When your child begins preschool, separation anxiety and all the new people wreck a child’s sense of stability, creating fear and dread. Preschool is an important first step in establishing independence. It helps children learn how to form social ties, and also initiates a love of learning and creative expression. Help your child feel more confident and excited about this new phase with the following tips.
Make the New School Old School
Talk to your child’s teachers about what they plan to do in the classroom. Before school begins, introduce those activities at home. This will give the child a sense of familiarity that is comforting, and may make them more inclined to share his or her knowledge with others in the class. This allows your child to interact with people as a leader, and boosts confidence.
For example, if the preschool plans to have certain games for the children to play or wants to work with finger paint, do these activities at home with your child. Anything that your child already knows will make your child feel reassured and safer in the new environment. Encourage him or her to listen to your instructions quietly, and to ask questions when the time is right.
Show your child the importance of listening and following rules in the classroom. Set up a pretend school area, then ask him or her to stand up in front of you and talk about something they like while you sit quietly and listen. When your child is finished, raise your hand and ask a question. Your child may or may not notice your raised hand, but make sure to explain the significance of the raised hand and listening in the teacher-student relationship.
This practice helps your child adjust to rules that are not part of the home, one of which is raising one’s hand before and waiting for the teacher to acknowledge it. Make sure to switch roles so your child can be the hand-raiser.
Share the Fun
Talk about how much fun school can be. Explain how it leads to meeting nice people. Keep your statements simple, but make it clear that you think school is a good thing and how much you loved going. Simple, positive conversations about social time and learning with others will make a lasting impression even though your child is young.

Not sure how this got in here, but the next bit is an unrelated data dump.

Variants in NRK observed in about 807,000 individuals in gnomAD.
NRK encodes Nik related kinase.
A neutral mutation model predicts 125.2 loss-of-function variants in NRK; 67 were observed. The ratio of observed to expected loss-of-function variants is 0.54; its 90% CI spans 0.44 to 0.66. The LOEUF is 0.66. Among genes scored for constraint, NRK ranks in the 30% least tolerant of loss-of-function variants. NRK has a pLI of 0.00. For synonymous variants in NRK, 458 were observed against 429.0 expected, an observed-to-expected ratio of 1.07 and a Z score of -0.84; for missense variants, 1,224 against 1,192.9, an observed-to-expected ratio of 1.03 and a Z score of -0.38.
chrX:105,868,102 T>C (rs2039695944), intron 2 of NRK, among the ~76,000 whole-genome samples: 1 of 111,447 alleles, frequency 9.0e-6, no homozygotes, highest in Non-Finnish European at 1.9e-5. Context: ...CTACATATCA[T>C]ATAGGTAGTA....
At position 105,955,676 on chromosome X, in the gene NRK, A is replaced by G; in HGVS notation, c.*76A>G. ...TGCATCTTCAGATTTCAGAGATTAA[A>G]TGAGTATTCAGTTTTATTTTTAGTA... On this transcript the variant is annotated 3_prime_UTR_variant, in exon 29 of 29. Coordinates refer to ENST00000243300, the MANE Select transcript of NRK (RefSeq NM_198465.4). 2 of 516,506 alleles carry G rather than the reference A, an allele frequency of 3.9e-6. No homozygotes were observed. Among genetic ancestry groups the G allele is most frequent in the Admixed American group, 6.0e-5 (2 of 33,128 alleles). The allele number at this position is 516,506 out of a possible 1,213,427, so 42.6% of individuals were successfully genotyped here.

This might also be a good time to share a story from your own school experience. As long as it’s age appropriate and easy to follow, it might be something your child loves to think about during stressful times.
Visit Before School Starts
Many preschools, like Creative World School in Lee’s Summit MO, offer tours for parents and children before the beginning of the school year. If possible, take your child to the preschool before school starts. This lets the child have a memory of the place that involves you. If both parents can go, that’s great. If only one, that’s fine. You may even include siblings in this trip. However you do it, a visit ahead of time will make a strange place familiar. This familiarity will help ease fears when you leave them there for the first time.
If you know other children that will be in the same class, try to arrange a play date ahead of time. Familiar faces can be comforting.
Set a Routine
Many parents find it beneficial to set up a routine around certain points in the preparation and drop-off process. These routines help children adjust to changes in a comforting manner.
For instance, while getting dressed for school, make time to share a little song together that focuses on having a good day. When you arrive at the school, take the time to walk your child into the classroom, then help him or her put away their belongings. When you say goodbye this way, it means more because you’ve helped prepare for a big day. Always let your child know that you, or someone else your child loves, will be back to bring him or her home. Many children fear being left at preschool and not being able to return home. Explicitly state that your child will be home soon, then say goodbye with a phrase that holds a special significance.
The social and educational aspects of preschool prove to be major turning points in a child’s life, as well as in the parent-child relationship. With a bit of determination and planning, this transition can transpire smoothly, ensuring confidence and success for the preschool year.